Enbridge Oil Release

 
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The Kalamazoo River Begins Reopening! 

On Wednesday, April 18, 2012, the first segment of the Kalamazoo River reopened. Following a Community Meeting held at the Marshall High School Tuesday evening, Calhoun County Public Health Officer Jim Rutherford announced the reopening of the approximately 3-mile segment of the Kalamazoo river from Perrin Dam to Saylor's Landing.
 
The US EPA announced that additional river segments may reopen this year depending on the results of the spring reassessment of the effectiveness of cleanup. Segment reopenings are also contingent on assuring the safety of recreational users and workers on the river.
 
For more information and a map clip showing the portion of reopened river, visit the EPA website at http://www.epa.gov/enbridgespill/index.html.
 
You may also visit the Michigan Department of Environmental Quality website at http://www.michigan.gov/deq/0,4561,7-135-3313_56784---,00.html and the Enbridge website at http://response.enbridgeus.com/response/.
 

Background


 
On July 25, 2010, approximately 840,000 gallons of crude oil leaked into the Talmadge Creek and Kalamazoo River watersheds. This oil leak was caused by an Enbridge Oil pipeline rupture. This created the largest ecological disaster in the history of the Midwest. The presence of oil caused, and continues to cause, concern regarding groundwater, surface water, air quality, soils and sediment, and direct contact.
  
Calhoun County Public Health Department officials were notified and began response immediately. To address ground and well water concerns, water quality monitoring began and will continue as long as necessary. The Health Department in collaboration with the Federal On-Scene Coordinator, EPA, state and federal partners, and Enbridge Oil continues air and water quality monitoring efforts. These efforts include sites in around Talmadge Creek and the Kalamazoo River west to the Kalamazoo County line. Health Department and state officials also continue to closely monitor and address concerns and questions from residents living and working in and around the areas affected.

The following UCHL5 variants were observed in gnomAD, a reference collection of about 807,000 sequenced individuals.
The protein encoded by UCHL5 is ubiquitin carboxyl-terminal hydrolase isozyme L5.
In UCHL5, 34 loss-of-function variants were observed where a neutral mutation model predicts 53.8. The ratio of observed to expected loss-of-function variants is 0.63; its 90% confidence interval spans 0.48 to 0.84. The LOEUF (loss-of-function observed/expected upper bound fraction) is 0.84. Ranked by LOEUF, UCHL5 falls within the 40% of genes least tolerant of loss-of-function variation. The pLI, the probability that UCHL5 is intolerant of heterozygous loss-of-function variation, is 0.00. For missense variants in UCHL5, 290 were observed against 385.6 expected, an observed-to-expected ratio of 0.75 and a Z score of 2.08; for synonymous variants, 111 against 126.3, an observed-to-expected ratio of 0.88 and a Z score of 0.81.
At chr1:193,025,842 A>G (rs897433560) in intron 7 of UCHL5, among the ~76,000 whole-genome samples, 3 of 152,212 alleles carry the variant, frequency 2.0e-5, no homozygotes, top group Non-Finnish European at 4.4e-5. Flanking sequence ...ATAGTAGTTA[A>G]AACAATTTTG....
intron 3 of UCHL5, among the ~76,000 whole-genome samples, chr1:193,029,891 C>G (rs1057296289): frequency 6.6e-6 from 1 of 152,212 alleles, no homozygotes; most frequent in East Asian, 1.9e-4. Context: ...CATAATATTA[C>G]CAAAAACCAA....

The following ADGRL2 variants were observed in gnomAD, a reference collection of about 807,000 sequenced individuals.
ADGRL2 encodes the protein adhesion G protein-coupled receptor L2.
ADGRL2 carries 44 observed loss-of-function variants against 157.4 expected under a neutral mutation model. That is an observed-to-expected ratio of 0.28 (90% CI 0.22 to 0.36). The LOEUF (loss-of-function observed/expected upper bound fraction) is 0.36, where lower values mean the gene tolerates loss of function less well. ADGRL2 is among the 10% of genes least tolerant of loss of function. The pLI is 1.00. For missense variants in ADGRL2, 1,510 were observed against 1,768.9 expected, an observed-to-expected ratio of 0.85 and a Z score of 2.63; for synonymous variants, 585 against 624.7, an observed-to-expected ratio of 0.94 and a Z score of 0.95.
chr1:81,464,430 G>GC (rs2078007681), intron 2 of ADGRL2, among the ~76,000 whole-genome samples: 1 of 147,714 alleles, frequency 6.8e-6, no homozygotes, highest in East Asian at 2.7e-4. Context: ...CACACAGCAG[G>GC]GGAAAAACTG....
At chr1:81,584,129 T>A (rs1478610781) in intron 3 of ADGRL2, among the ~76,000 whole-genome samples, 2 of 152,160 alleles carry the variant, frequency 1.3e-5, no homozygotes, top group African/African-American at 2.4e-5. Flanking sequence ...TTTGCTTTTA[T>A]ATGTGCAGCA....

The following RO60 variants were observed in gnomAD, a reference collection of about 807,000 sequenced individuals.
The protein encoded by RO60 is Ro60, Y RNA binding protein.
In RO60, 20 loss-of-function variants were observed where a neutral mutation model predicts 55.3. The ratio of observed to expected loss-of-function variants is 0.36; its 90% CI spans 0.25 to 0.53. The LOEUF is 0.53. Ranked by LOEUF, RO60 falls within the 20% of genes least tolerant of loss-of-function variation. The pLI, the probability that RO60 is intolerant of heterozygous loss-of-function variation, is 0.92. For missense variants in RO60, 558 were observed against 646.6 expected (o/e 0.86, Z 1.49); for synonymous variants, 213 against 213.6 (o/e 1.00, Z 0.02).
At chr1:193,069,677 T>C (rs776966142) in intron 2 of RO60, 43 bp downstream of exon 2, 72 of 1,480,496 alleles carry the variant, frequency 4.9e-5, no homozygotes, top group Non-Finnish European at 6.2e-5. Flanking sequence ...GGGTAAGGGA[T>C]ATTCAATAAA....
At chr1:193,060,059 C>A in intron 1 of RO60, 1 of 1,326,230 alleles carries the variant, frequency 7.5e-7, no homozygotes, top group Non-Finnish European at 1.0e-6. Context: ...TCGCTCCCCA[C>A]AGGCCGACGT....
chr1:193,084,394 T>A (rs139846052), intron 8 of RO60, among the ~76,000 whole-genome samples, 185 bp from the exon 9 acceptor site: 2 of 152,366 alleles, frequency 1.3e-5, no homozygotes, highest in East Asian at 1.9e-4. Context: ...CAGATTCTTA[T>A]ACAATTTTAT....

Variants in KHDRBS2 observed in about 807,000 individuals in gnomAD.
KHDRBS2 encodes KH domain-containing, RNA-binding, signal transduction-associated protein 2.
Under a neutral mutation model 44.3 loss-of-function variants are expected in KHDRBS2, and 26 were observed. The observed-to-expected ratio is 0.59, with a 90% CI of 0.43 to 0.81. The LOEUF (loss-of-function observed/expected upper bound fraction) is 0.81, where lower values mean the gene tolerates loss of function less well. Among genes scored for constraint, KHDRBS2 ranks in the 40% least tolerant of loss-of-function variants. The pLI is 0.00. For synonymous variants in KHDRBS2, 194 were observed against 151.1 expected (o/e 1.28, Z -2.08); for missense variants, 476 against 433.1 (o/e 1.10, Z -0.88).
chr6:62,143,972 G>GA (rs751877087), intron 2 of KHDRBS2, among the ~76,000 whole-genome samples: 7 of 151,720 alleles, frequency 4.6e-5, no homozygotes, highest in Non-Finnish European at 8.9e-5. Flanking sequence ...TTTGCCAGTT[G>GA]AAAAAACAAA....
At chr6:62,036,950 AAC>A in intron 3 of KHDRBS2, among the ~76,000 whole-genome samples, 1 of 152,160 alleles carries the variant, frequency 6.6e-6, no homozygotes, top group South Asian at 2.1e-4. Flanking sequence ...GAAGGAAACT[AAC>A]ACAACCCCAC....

In 2010, CCPHD personnel provided over 3,500 direct hours of staff time in response to the incident. CCPHD staff were involved with air, water (both surface and groundwater), evacuation, re-entry, worker safety, and finally issues as they relate to long-term considerations and monitoring of the oil release within our environment and our community. 
 
A special thanks to all of the staff at the CCPHD for their dedication and leadership with this incident. “I am extremely proud of how our department rose to the occasion to do our part to address this significant issue,” quoted James Rutherford, Health Officer. We are also very pleased with the Michigan Department of Community Health and the significant role they played throughout the entire process. We are more than pleased with their ability to take a leadership role as it relates to the oil spill.
 
 
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